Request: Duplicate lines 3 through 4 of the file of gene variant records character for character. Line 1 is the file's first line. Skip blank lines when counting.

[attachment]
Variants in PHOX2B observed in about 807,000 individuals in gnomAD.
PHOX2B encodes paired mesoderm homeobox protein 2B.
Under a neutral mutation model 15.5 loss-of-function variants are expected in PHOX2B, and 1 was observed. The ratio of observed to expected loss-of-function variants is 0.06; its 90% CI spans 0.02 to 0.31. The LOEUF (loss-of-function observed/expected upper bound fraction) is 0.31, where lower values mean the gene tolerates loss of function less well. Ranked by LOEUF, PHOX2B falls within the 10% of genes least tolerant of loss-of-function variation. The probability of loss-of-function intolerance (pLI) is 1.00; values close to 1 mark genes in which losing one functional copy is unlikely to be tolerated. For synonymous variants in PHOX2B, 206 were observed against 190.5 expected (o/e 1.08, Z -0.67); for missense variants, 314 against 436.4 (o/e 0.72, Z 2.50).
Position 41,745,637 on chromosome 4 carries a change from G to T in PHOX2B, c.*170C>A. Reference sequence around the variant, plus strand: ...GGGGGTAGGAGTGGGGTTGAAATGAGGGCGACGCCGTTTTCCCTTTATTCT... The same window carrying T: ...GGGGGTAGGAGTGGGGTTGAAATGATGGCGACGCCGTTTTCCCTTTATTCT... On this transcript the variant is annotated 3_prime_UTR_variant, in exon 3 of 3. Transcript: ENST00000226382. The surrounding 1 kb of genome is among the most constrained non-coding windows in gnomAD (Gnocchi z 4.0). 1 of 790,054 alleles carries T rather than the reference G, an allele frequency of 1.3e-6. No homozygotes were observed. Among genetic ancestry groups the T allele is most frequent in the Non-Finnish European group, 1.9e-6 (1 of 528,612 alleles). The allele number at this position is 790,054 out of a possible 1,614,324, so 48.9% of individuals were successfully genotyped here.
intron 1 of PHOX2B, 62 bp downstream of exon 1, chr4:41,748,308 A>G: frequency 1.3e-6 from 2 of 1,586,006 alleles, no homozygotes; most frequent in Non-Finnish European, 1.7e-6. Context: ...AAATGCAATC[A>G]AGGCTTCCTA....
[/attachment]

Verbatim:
Under a neutral mutation model 15.5 loss-of-function variants are expected in PHOX2B, and 1 was observed. The ratio of observed to expected loss-of-function variants is 0.06; its 90% CI spans 0.02 to 0.31. The LOEUF (loss-of-function observed/expected upper bound fraction) is 0.31, where lower values mean the gene tolerates loss of function less well. Ranked by LOEUF, PHOX2B falls within the 10% of genes least tolerant of loss-of-function variation. The probability of loss-of-function intolerance (pLI) is 1.00; values close to 1 mark genes in which losing one functional copy is unlikely to be tolerated. For synonymous variants in PHOX2B, 206 were observed against 190.5 expected (o/e 1.08, Z -0.67); for missense variants, 314 against 436.4 (o/e 0.72, Z 2.50).
Position 41,745,637 on chromosome 4 carries a change from G to T in PHOX2B, c.*170C>A. Reference sequence around the variant, plus strand: ...GGGGGTAGGAGTGGGGTTGAAATGAGGGCGACGCCGTTTTCCCTTTATTCT... The same window carrying T: ...GGGGGTAGGAGTGGGGTTGAAATGATGGCGACGCCGTTTTCCCTTTATTCT... On this transcript the variant is annotated 3_prime_UTR_variant, in exon 3 of 3. Transcript: ENST00000226382. The surrounding 1 kb of genome is among the most constrained non-coding windows in gnomAD (Gnocchi z 4.0). 1 of 790,054 alleles carries T rather than the reference G, an allele frequency of 1.3e-6. No homozygotes were observed. Among genetic ancestry groups the T allele is most frequent in the Non-Finnish European group, 1.9e-6 (1 of 528,612 alleles). The allele number at this position is 790,054 out of a possible 1,614,324, so 48.9% of individuals were successfully genotyped here.